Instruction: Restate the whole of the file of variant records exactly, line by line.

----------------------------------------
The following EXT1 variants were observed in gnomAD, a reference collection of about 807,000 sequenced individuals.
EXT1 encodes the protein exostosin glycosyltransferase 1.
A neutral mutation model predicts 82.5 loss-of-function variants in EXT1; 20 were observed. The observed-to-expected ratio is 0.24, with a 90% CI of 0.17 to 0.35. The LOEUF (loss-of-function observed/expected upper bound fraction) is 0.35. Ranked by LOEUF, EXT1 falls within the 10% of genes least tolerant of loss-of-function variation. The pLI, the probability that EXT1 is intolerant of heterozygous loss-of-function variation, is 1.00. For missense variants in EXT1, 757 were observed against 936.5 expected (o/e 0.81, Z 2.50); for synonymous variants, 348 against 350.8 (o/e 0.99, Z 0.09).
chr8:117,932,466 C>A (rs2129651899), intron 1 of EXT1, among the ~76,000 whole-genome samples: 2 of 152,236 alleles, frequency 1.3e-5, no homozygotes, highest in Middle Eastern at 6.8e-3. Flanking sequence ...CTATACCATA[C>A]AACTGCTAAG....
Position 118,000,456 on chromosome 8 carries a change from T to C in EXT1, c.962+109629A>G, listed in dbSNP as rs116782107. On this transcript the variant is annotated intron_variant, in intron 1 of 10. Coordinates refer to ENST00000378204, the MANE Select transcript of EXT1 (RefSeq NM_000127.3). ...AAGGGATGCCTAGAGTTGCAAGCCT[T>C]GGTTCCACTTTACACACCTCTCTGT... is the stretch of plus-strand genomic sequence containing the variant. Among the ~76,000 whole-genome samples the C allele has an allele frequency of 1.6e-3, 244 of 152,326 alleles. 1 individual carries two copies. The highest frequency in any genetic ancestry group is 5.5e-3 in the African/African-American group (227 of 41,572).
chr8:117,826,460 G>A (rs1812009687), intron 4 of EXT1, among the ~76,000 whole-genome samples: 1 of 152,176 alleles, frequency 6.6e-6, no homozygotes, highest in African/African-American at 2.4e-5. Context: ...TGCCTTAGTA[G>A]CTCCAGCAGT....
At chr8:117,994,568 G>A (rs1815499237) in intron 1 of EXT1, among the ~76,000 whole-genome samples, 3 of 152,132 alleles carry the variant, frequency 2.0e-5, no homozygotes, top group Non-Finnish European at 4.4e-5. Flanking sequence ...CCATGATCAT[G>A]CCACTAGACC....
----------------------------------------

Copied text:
The following EXT1 variants were observed in gnomAD, a reference collection of about 807,000 sequenced individuals.
EXT1 encodes the protein exostosin glycosyltransferase 1.
A neutral mutation model predicts 82.5 loss-of-function variants in EXT1; 20 were observed. The observed-to-expected ratio is 0.24, with a 90% CI of 0.17 to 0.35. The LOEUF (loss-of-function observed/expected upper bound fraction) is 0.35. Ranked by LOEUF, EXT1 falls within the 10% of genes least tolerant of loss-of-function variation. The pLI, the probability that EXT1 is intolerant of heterozygous loss-of-function variation, is 1.00. For missense variants in EXT1, 757 were observed against 936.5 expected (o/e 0.81, Z 2.50); for synonymous variants, 348 against 350.8 (o/e 0.99, Z 0.09).
chr8:117,932,466 C>A (rs2129651899), intron 1 of EXT1, among the ~76,000 whole-genome samples: 2 of 152,236 alleles, frequency 1.3e-5, no homozygotes, highest in Middle Eastern at 6.8e-3. Flanking sequence ...CTATACCATA[C>A]AACTGCTAAG....
Position 118,000,456 on chromosome 8 carries a change from T to C in EXT1, c.962+109629A>G, listed in dbSNP as rs116782107. On this transcript the variant is annotated intron_variant, in intron 1 of 10. Coordinates refer to ENST00000378204, the MANE Select transcript of EXT1 (RefSeq NM_000127.3). ...AAGGGATGCCTAGAGTTGCAAGCCT[T>C]GGTTCCACTTTACACACCTCTCTGT... is the stretch of plus-strand genomic sequence containing the variant. Among the ~76,000 whole-genome samples the C allele has an allele frequency of 1.6e-3, 244 of 152,326 alleles. 1 individual carries two copies. The highest frequency in any genetic ancestry group is 5.5e-3 in the African/African-American group (227 of 41,572).
chr8:117,826,460 G>A (rs1812009687), intron 4 of EXT1, among the ~76,000 whole-genome samples: 1 of 152,176 alleles, frequency 6.6e-6, no homozygotes, highest in African/African-American at 2.4e-5. Context: ...TGCCTTAGTA[G>A]CTCCAGCAGT....
At chr8:117,994,568 G>A (rs1815499237) in intron 1 of EXT1, among the ~76,000 whole-genome samples, 3 of 152,132 alleles carry the variant, frequency 2.0e-5, no homozygotes, top group Non-Finnish European at 4.4e-5. Flanking sequence ...CCATGATCAT[G>A]CCACTAGACC....